Peter Lubell-Doughtie -

How AI Strengthens Global Health and Humanitarian Response

OpenSRP Liberia Last Mile Health User Testing

Artificial Intelligence Is the Modern Antibiotic

The future of healthcare, like the future of most industries, is inextricably tied to the tech industry. Tech is important to not just the level of patient care, but also the operation of systems delivering this care, arguably most importantly, patient access to health services.

But timing plays a key part in success. The right solution offered at the right time can generate a sea change.

Healthcare: Opportunity, Discovery & Progress

Today, healthcare systems in low- and middle-income countries are in a nascent, promising stage. Unlike the U.S., a nation in which healthcare is treated more like a privilege for the elite than a critically important human right, these nations, which have much less established and weaker healthcare systems, understand the critical importance of healthcare to their citizens’ well-being.

These countries, in which government-provided universal healthcare is becoming the norm, have an ideal opportunity to create a medical system that works better and more efficiently than in countries with older healthcare systems bogged down by incompatible processes and red tape. Such progress not just allows dwellers of these countries to enjoy their lives more; but also to be more productive for longer, improving society as a whole. Additionally, such systems provide a working model for other countries, contributing to a global body of knowledge on how to run effective public health systems with modern technology.

Thus, opportunities for making radical innovations are even greater in low- and middle-income nations because of the ability to leapfrog ingrained habits based on now-obsolete technology. An example is the early rise of mobile payments in Kenya (through mPesa), which bypassed traditional forms of cashless payment, such as credit cards.

The unique incentive, and often necessity, to solve problems with fewer resources and fewer constraints from entrenched interests, provides an invaluable opportunity for technology to make a deep and lasting impact on healthcare.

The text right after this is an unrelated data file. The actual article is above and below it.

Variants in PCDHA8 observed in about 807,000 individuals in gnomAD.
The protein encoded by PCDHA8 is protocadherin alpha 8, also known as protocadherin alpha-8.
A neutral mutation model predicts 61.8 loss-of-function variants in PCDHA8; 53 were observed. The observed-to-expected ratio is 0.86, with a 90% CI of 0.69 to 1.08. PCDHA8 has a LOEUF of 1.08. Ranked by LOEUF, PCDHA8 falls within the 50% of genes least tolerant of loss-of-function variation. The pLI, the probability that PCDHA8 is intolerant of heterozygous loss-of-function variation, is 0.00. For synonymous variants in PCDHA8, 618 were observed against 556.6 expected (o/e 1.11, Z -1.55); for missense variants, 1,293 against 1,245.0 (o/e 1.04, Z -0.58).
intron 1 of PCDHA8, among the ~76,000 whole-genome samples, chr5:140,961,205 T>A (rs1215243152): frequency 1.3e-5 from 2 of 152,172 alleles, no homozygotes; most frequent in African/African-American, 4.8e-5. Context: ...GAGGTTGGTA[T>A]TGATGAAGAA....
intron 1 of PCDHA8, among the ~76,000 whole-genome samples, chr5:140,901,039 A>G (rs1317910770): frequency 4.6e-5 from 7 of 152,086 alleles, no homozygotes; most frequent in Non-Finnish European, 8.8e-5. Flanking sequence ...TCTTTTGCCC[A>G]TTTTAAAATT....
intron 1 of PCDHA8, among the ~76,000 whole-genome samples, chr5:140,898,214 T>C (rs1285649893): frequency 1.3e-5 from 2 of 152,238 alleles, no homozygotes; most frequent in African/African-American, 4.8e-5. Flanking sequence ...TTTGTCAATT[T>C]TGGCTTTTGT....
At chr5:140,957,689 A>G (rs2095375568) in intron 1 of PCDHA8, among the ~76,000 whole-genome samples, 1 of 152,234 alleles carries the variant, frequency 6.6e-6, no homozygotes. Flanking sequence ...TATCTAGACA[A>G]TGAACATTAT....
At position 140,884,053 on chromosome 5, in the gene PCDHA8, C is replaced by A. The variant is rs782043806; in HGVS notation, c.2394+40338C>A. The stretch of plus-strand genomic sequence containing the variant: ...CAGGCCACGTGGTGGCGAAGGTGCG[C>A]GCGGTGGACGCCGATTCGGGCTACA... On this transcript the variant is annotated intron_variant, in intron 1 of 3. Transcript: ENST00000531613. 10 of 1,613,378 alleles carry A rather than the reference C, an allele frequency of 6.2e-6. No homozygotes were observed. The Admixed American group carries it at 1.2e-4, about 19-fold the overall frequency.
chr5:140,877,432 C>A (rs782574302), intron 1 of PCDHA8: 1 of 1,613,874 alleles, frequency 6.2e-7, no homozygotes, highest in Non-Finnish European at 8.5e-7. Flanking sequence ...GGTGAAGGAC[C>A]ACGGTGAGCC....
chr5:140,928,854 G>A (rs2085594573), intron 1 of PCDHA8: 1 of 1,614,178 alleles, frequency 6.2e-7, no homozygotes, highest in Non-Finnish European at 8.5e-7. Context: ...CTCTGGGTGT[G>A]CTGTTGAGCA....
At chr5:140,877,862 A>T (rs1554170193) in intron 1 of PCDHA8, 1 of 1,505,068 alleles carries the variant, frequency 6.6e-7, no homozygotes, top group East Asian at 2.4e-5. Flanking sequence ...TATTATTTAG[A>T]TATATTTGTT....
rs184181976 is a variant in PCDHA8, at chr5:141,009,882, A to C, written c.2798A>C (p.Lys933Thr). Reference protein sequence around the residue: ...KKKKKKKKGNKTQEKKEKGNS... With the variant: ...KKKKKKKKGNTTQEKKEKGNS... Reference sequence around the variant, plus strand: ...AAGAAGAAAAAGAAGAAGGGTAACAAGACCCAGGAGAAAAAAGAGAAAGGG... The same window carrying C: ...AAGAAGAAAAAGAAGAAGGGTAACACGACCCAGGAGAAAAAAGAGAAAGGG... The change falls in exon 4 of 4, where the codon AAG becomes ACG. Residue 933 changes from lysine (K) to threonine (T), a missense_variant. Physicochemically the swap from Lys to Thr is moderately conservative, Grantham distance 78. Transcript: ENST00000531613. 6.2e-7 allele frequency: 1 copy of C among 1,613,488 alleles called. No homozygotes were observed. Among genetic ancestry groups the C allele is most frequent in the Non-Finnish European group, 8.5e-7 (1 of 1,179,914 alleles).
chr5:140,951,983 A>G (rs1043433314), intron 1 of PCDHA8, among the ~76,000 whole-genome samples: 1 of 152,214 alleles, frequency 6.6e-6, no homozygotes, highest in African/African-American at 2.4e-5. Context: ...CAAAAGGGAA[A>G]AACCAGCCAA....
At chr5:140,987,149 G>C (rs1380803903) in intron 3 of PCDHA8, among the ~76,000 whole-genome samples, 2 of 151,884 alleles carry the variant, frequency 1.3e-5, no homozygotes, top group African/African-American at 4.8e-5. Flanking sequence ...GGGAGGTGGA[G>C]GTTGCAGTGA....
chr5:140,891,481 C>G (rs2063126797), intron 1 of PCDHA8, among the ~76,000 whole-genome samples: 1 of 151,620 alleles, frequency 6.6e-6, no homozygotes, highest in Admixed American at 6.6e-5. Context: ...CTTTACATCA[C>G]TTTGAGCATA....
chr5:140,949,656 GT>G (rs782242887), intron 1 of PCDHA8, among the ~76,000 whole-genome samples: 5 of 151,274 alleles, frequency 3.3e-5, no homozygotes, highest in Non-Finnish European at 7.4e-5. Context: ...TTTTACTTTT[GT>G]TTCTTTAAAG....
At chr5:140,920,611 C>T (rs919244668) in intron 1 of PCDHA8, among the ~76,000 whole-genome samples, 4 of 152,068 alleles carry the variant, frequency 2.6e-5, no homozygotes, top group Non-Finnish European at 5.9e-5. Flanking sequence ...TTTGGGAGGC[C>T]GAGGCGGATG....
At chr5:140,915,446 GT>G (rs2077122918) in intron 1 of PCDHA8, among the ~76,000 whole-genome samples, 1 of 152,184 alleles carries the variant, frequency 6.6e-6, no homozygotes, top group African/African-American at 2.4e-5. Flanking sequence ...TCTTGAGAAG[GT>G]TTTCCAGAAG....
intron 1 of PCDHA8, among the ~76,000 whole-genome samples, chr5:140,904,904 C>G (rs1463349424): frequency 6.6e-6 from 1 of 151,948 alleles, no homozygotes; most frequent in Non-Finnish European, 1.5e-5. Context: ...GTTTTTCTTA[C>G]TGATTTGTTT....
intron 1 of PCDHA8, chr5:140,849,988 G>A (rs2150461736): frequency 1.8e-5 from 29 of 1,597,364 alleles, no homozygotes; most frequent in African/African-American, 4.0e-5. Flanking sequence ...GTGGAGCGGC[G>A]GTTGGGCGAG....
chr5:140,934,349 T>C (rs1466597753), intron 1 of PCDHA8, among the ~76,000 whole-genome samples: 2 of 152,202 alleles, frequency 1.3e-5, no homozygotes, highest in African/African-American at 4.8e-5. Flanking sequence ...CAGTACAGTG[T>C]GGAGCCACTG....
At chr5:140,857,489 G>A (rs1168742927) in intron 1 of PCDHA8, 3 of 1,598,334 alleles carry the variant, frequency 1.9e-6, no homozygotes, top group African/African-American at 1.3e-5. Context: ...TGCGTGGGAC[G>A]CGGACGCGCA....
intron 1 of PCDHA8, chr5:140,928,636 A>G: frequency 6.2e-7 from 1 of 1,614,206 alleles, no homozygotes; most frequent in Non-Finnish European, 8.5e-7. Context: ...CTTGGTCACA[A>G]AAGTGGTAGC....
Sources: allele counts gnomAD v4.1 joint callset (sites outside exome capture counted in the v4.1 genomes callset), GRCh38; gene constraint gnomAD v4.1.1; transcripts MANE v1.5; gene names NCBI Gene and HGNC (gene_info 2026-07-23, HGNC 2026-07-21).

The Ona team has been working on technology for frontline health workers for over a decade. We are building OpenSRP to support these technologies. The advances we have made — and continue to make — are calculable in numbers of lives saved.

With technology-enabled remote health services, healthcare workers are able to capture data, run decision-making algorithms, visualize real-time indicators and plan service schedules armed only with a smartphone. Together with sensors, health records and other data sources, relatively unskilled workers in inaccessible areas are able to perform the low-risk tasks traditionally done by medical professionals.

Possibilities & Potential, Explained

Whereas countries such as the U.S. are struggling with legacy systems and electronic medical records, low- and middle-income nations with forward-thinking Ministries of Health are able to implement technology solutions from the ground up. Having access to sophisticated technology during the developmental stage of a healthcare system helps ensure the system’s strength and longevity — critical factors in areas with few health professionals per capita.

Some examples we’ve deployed with our partners, or are in the process of deploying include:

  • Smartphones with Sensors

    Physical healthcare devices, sphygmomanometers, microscopes, etc., are being replaced or augmented with software that runs on smartphones using their built-in components, improving accuracy and fidelity.

    The sensors and computer chips inside of cell phones are often comparable to the components inside of more expensive and less portable medical testing equipment. Costs of delivering care can be greatly reduced by foregoing the purchase of this equipment in favor of using smartphone technology. In instances in which smartphone technology is inadequate for our purposes, we may be able to combine the smartphone with external components for a fraction of the cost of purchasing medical equipment with this capability.

    Such technology can even be used by patients themselves. While this type of self-testing is not yet widespread, patients have long been able to test their own blood sugar and correct imbalances, take their own blood pressure, run tests for ovulation, pregnancy and more.